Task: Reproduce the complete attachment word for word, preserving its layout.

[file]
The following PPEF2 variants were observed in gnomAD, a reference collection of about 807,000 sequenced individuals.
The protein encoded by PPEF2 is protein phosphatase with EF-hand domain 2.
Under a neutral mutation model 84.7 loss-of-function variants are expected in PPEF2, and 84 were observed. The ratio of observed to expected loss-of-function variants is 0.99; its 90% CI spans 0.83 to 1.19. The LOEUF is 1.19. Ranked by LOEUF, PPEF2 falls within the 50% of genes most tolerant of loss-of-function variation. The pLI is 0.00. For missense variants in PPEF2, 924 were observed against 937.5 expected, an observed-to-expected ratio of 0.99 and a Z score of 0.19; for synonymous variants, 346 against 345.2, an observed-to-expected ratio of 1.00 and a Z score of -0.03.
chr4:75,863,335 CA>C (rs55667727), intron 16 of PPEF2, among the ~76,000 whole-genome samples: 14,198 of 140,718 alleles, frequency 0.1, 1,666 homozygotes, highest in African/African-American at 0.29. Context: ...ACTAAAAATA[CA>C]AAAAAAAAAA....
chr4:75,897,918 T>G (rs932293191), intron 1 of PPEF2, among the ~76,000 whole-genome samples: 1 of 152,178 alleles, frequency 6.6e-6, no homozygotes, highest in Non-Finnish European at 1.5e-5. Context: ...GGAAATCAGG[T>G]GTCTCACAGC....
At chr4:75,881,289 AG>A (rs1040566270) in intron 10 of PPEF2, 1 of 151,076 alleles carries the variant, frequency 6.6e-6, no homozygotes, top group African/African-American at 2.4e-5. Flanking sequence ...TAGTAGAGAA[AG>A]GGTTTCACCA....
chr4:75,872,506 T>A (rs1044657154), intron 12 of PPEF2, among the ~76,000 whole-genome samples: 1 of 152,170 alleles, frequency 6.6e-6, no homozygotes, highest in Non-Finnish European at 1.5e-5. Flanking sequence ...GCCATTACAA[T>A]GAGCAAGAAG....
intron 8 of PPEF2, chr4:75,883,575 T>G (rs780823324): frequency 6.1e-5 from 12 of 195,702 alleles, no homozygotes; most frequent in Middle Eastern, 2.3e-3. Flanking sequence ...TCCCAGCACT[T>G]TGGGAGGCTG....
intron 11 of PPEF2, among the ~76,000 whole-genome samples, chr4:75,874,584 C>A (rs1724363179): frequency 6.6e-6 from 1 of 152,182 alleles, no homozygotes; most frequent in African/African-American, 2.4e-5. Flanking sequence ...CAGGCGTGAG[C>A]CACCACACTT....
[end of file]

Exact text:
The following PPEF2 variants were observed in gnomAD, a reference collection of about 807,000 sequenced individuals.
The protein encoded by PPEF2 is protein phosphatase with EF-hand domain 2.
Under a neutral mutation model 84.7 loss-of-function variants are expected in PPEF2, and 84 were observed. The ratio of observed to expected loss-of-function variants is 0.99; its 90% CI spans 0.83 to 1.19. The LOEUF is 1.19. Ranked by LOEUF, PPEF2 falls within the 50% of genes most tolerant of loss-of-function variation. The pLI is 0.00. For missense variants in PPEF2, 924 were observed against 937.5 expected, an observed-to-expected ratio of 0.99 and a Z score of 0.19; for synonymous variants, 346 against 345.2, an observed-to-expected ratio of 1.00 and a Z score of -0.03.
chr4:75,863,335 CA>C (rs55667727), intron 16 of PPEF2, among the ~76,000 whole-genome samples: 14,198 of 140,718 alleles, frequency 0.1, 1,666 homozygotes, highest in African/African-American at 0.29. Context: ...ACTAAAAATA[CA>C]AAAAAAAAAA....
chr4:75,897,918 T>G (rs932293191), intron 1 of PPEF2, among the ~76,000 whole-genome samples: 1 of 152,178 alleles, frequency 6.6e-6, no homozygotes, highest in Non-Finnish European at 1.5e-5. Context: ...GGAAATCAGG[T>G]GTCTCACAGC....
At chr4:75,881,289 AG>A (rs1040566270) in intron 10 of PPEF2, 1 of 151,076 alleles carries the variant, frequency 6.6e-6, no homozygotes, top group African/African-American at 2.4e-5. Flanking sequence ...TAGTAGAGAA[AG>A]GGTTTCACCA....
chr4:75,872,506 T>A (rs1044657154), intron 12 of PPEF2, among the ~76,000 whole-genome samples: 1 of 152,170 alleles, frequency 6.6e-6, no homozygotes, highest in Non-Finnish European at 1.5e-5. Flanking sequence ...GCCATTACAA[T>A]GAGCAAGAAG....
intron 8 of PPEF2, chr4:75,883,575 T>G (rs780823324): frequency 6.1e-5 from 12 of 195,702 alleles, no homozygotes; most frequent in Middle Eastern, 2.3e-3. Flanking sequence ...TCCCAGCACT[T>G]TGGGAGGCTG....
intron 11 of PPEF2, among the ~76,000 whole-genome samples, chr4:75,874,584 C>A (rs1724363179): frequency 6.6e-6 from 1 of 152,182 alleles, no homozygotes; most frequent in African/African-American, 2.4e-5. Flanking sequence ...CAGGCGTGAG[C>A]CACCACACTT....